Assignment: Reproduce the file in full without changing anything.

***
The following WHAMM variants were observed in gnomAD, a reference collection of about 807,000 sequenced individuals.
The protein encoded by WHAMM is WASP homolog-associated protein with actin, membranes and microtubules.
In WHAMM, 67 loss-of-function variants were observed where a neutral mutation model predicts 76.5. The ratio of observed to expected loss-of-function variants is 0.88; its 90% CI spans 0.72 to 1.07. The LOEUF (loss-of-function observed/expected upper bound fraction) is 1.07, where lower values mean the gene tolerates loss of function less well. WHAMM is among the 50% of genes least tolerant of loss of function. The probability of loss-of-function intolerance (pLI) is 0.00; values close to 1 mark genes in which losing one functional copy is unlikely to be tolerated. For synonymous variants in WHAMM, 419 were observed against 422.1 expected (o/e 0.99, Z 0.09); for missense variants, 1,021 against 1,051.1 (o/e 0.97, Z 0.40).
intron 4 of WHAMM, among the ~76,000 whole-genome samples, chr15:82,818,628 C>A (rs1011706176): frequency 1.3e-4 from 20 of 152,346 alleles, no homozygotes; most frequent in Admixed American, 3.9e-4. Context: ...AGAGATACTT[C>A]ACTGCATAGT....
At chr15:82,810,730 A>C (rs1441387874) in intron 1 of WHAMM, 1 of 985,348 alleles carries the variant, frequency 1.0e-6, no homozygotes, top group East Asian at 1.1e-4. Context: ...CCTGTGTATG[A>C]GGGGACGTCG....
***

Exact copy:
The following WHAMM variants were observed in gnomAD, a reference collection of about 807,000 sequenced individuals.
The protein encoded by WHAMM is WASP homolog-associated protein with actin, membranes and microtubules.
In WHAMM, 67 loss-of-function variants were observed where a neutral mutation model predicts 76.5. The ratio of observed to expected loss-of-function variants is 0.88; its 90% CI spans 0.72 to 1.07. The LOEUF (loss-of-function observed/expected upper bound fraction) is 1.07, where lower values mean the gene tolerates loss of function less well. WHAMM is among the 50% of genes least tolerant of loss of function. The probability of loss-of-function intolerance (pLI) is 0.00; values close to 1 mark genes in which losing one functional copy is unlikely to be tolerated. For synonymous variants in WHAMM, 419 were observed against 422.1 expected (o/e 0.99, Z 0.09); for missense variants, 1,021 against 1,051.1 (o/e 0.97, Z 0.40).
intron 4 of WHAMM, among the ~76,000 whole-genome samples, chr15:82,818,628 C>A (rs1011706176): frequency 1.3e-4 from 20 of 152,346 alleles, no homozygotes; most frequent in Admixed American, 3.9e-4. Context: ...AGAGATACTT[C>A]ACTGCATAGT....
At chr15:82,810,730 A>C (rs1441387874) in intron 1 of WHAMM, 1 of 985,348 alleles carries the variant, frequency 1.0e-6, no homozygotes, top group East Asian at 1.1e-4. Context: ...CCTGTGTATG[A>C]GGGGACGTCG....